This Sunday many people will celebrate their dad in several ways by honoring the way he raised them, was there for them, carried sons and daughters through hard times, tough situations, rough health conditions, school burdens, maybe even bullying.
How he always attended every soccer game, cheer leading tryout, dance recital, football awards banquet, how he taught them to play the piano, passed on great advice, taught them to drive, helped carry on his legacy of success, maybe passed on a great work ethic or the family business.
But for many others like myself, this annual holiday is a painful reminder of what we don’t have – not only because our fathers aren’t here physically but because our fathers abused us.
I always told everyone I was a Daddy’s girl and that my father and I were close, but that was a girlhood fantasy because I didn’t want to admit that though my father always encouraged my writing talent, something that I pursued and succeeded at as an adult, my dad also lived a double life.
He sexually abused my three sisters and I and fooled many people, even going so far as to not only lead this double life until his death of natural causes, being very active in his church, blindsiding his second and third wife, her kids, an entire congregation, including the minister he was close to in a religion he didn’t even believe in.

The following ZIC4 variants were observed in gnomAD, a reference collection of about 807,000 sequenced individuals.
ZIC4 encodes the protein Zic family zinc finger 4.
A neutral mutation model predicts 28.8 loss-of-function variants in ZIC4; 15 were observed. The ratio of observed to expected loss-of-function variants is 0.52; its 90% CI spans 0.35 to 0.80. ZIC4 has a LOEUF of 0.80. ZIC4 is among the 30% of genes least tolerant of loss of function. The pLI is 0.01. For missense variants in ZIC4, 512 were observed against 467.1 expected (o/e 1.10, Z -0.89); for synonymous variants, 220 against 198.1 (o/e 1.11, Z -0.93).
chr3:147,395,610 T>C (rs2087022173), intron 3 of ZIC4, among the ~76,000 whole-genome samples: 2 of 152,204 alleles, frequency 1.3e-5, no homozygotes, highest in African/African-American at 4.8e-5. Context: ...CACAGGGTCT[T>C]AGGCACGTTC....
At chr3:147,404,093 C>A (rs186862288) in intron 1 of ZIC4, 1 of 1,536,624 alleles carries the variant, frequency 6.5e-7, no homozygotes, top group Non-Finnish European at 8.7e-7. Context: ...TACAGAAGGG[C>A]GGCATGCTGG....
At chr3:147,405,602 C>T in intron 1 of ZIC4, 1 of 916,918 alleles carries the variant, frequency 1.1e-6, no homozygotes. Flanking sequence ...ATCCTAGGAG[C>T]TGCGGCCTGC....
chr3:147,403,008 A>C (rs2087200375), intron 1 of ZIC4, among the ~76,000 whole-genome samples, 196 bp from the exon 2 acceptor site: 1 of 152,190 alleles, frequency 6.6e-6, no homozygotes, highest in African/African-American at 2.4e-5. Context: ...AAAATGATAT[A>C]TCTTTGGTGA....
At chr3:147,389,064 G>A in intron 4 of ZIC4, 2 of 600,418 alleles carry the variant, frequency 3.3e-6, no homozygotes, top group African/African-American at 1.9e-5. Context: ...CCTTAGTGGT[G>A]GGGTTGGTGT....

But when they had his funeral an entire group of people didn’t even know who he was.
My father abused me from the time I was three until I was 17 when my sister helped me escape him for the second and final time. By the time I was 18 I had been in four foster homes and various other places and she had been in two foster homes. My other two sisters also had rough lives.
If you ever met my dad, Tony Persico, who grew up in Brooklyn, NY, a funny, charming, intelligent, successful Air Force mechanic who wasn’t close to either parent and who had been sexually abused by one of his brothers and in turn, abused his sister along with his other brother, you would never believe that he was a predator. He was a true Jekyll and Hyde.
He was fun, had a great laugh, later went on to be a computer tech in the 70s; was way ahead of his time during that period, and he invented all kinds of things that he was going to patent. He was creative and artistic and I hate to say it, but I miss that part of him.
I also hate him and love him at the same time.
When I saw him on his death bed he was in a coma and I hadn’t seen him in 20 years. I always said I would cuss him out and spit on his grave when he died, but I did neither.
I simply cried like a baby and told him how much I missed him and sat there like a statue as they gave him a military funeral I didn’t think he deserved.
All my life I had nightmares and flashbacks of the abuse despite many years of therapy, but after he died for the first time in my life I had four months of peace and it was great.
Then the nightmares started back again and they haven’t left.
In December it will be ten years since he died.
He never served a day in jail.
There is one bright shining light, however:
I have a beautiful daughter and my sisters and I survived despite him and have gone on to do great things.
And he could never take that from us despite his best efforts.
— Terri, age 52